Celebrating World Ozone Day
September 16 was designated by the United Nations General Assembly as the International Day for the Preservation of the Ozone Layer. This designation had been made on December 19, 2000, in commemoration of the date, in 1987, on which nations signed the Montreal Protocol on Substances that Deplete the Ozone Layer.
In 1994, the UN General Assembly proclaimed 16 September the International Day for the Preservation of the Ozone Layer, commemorating the date of the signing, in 1987, of the Montreal Protocol on Substances that Deplete the Ozone Layer.
The World Ozone Day is observed for the vital environment issue, it gives an opportunity to focus global action and attention on this issue. It's aim is to protect the ozone layer by measures taken to control the world wide production and consumption of substances that are cause for the depletion of the ozone layer.
The theme for 2021 for World Ozone Day is- Montreal Protocol - 'Keeping us, our food and vaccines cool.'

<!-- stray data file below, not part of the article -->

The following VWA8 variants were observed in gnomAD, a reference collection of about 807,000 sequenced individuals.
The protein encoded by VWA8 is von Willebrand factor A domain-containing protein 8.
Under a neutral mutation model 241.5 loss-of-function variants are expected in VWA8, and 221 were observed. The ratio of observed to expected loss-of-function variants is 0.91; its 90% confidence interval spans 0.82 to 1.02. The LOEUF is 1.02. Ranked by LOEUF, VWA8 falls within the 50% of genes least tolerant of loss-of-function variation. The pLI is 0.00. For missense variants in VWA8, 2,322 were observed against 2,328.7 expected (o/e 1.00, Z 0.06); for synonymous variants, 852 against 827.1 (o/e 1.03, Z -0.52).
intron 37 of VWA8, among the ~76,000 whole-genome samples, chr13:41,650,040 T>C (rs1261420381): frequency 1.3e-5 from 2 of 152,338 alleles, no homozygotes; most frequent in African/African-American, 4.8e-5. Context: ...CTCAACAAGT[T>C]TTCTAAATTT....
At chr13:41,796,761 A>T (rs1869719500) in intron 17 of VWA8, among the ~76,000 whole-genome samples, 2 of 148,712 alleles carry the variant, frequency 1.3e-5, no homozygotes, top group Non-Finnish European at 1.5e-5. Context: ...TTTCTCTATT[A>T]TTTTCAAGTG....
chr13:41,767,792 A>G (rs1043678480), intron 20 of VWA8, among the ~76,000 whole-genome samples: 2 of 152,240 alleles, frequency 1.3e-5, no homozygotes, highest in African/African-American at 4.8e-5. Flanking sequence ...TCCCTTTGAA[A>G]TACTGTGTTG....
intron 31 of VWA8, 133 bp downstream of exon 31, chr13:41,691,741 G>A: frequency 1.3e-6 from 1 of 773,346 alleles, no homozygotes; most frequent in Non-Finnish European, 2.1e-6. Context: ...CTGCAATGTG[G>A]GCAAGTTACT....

According to the United Nations, "A number of commonly used chemicals have been found to be extremely damaging to the ozone layer. Halocarbons are chemicals in which one or more carbon atoms are linked to one or more halogen atoms (fluorine, chlorine, bromine or iodine). Halocarbons containing bromine usually have much higher ozone-depleting potential (ODP) than those containing chlorine. The man-made chemicals that have provided most of the chlorine and bromine for ozone depletion are methyl bromide, methyl chloroform, carbon tetrachloride and families of chemicals known as halons, chlorofluorocarbons (CFCs) and hydrochlorofluorocarbons (HCFCs)."
The phaseout of controlled uses of ozone depleting substances and the related reductions have not only helped protect the ozone layer for this and future generations, but have also contributed significantly to global efforts to address climate change; furthermore, it has protected human health and ecosystems by limiting the harmful ultraviolet radiation from reaching the Earth.